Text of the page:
Why Separating Perception From Reality Is So Important With OCD
If you struggle with obsessive-compulsive disorder (OCD), the following post could be potentially triggering. You can contact the Crisis Text Line by texting “START” to 741-741. To find help, visit the International OCD Foundation’s website.
The ability to say no to others is a common way people are taught to unburden themselves from taking on too many obligations — be it social, business or other tasks from the outside world that don’t need to be your responsibility. You can learn about the ins and outs of this pretty much anywhere.
When it comes to obsessive-compulsive disorder (OCD), the overburdening of daily life comes most often from within. Of course, there is an external stimulus that feeds OCD. For some, it is primarily external; but in the end, the burden of responsibility is built in the brain.
It is very important to first — before all else — envision the division between your brain and the world outside of your brain. What goes on in one is affected by the other (both ways), but realizing a division is there is tremendously important.
This is not to say dealing with any of this is simple. It isn’t. OCD makes what should be simple into something complex. But we’ll keep with the “simple” label for the sake of describing this example.
Cleaning the house. Keeping the house clean. Having a clean house. Needing a clean house. Needing things to be organized and right. Needing others to keep up on what has been done to keep the house organized and right.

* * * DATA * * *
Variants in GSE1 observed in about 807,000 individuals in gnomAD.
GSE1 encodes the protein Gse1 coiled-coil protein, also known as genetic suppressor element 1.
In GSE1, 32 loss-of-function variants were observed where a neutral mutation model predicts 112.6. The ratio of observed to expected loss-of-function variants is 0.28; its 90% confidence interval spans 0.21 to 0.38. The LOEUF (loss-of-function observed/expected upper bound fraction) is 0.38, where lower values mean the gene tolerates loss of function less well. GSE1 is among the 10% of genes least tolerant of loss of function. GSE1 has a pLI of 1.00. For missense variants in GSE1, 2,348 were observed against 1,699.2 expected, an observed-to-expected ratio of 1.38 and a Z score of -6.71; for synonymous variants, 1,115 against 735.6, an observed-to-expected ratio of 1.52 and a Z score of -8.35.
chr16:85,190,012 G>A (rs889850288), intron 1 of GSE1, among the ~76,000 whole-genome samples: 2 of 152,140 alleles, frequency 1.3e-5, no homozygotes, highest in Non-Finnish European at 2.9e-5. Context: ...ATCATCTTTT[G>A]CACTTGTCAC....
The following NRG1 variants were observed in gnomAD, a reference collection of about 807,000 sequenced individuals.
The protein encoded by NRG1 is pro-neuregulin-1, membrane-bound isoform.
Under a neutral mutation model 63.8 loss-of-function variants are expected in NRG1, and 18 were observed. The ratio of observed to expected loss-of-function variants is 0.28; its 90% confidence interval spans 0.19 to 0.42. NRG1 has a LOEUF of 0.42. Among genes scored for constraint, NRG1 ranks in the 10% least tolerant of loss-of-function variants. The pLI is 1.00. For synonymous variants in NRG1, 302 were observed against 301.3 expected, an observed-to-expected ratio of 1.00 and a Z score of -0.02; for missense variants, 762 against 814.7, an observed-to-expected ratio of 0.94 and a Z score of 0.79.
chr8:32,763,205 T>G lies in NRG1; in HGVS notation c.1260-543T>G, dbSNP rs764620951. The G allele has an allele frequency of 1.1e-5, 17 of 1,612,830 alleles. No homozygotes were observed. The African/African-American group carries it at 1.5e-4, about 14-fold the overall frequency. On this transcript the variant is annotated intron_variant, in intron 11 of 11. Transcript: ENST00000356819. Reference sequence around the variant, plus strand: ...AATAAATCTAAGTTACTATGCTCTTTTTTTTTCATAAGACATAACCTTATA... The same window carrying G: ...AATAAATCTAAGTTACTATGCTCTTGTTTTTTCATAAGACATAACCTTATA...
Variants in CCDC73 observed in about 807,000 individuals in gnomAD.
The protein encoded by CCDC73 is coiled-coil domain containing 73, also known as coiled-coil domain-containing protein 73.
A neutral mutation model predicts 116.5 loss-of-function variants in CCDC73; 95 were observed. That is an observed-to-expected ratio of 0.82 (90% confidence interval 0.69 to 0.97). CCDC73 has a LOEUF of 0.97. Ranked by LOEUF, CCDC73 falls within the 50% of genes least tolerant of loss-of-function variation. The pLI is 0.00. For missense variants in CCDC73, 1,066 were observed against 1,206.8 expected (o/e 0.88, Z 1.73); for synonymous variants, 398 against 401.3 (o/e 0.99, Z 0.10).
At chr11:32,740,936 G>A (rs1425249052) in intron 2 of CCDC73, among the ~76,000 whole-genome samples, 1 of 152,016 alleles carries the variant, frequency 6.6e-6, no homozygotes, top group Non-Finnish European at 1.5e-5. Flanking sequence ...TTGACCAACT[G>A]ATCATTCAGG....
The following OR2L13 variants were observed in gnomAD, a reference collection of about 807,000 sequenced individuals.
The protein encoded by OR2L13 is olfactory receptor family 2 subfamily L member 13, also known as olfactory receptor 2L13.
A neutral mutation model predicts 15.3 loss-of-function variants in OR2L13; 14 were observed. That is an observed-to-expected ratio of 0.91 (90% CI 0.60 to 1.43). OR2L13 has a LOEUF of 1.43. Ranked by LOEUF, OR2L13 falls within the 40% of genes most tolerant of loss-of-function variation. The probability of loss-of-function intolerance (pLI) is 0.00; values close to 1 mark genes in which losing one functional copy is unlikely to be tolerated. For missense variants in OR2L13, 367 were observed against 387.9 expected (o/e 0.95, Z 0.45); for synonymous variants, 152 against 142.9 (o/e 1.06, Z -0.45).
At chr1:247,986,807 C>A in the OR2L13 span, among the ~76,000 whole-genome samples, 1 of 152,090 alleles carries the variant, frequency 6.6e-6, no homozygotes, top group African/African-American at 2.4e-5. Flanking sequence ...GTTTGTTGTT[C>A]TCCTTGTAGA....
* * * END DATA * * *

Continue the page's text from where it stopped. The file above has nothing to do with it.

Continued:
There are two things going on here:
1. The cleanliness and organization of the house.
2. Your perception of the cleanliness and organization of the house.
The formula above adds only “your perception” to the second value. Everything else is the same. We’re still dealing with “the cleanliness and organization of the house” in each, but they are distinct situations.
Apply this to any situation. Separate your perception and consider it to be its own thing. Both are important; we’re not looking to eliminate either. But we are going to focus on the second item more so than the first.
The house is as clean as it is. It is as organized as it is.
Here’s the thing: it is OK. Everything is OK. No matter what state things are in, they can be OK. And because they can be OK, we’ll consider them OK.
This does not mean you should stop organizing or cleaning your house. Chances are, you’re not going to stop anyway.
However, it is so important to separate the perception from reality. The reality is. It is OK as it is. It can be better, it can be worse, but it is OK.
Your brain most likely does not see it this way. Your brain is filled with thoughts of what bad can happen if the house remains as clean as it is — which is not clean enough.
You may think things are contaminated. Things are rotting. You may fear being judged by guests. There are probably a thousand other, similar thoughts of eventualities regarding the effect of the state of the cleanliness and organization of the house.
However, you need to separate the “effect of” as part of your perception.
And you need to say no to your perception. Somehow, someway. Everyone needs to find the mental strength to say no in their own way. And it will probably be difficult.
Your goal is to realize your perception is a different entity than reality. The reality isn’t important to OCD, so why not go with the separation and realize since your mind is going to control everything anyway, focus on using your energy to force it into submission.
Tell your brain no. In this example, tell your brain you’re going to accept the current state of cleanliness and organization of the house no matter what.
And keep to it! Be stubborn with your brain!
The reality is OK. It can be changed, but it doesn’t need to be. No one says it needs to be other than you. So remove the “need” part. Realize that the formula is:
2. Your perception of (Situation)
And tell your brain no.
Until it gets it:
Getty image by Victor_Tongdee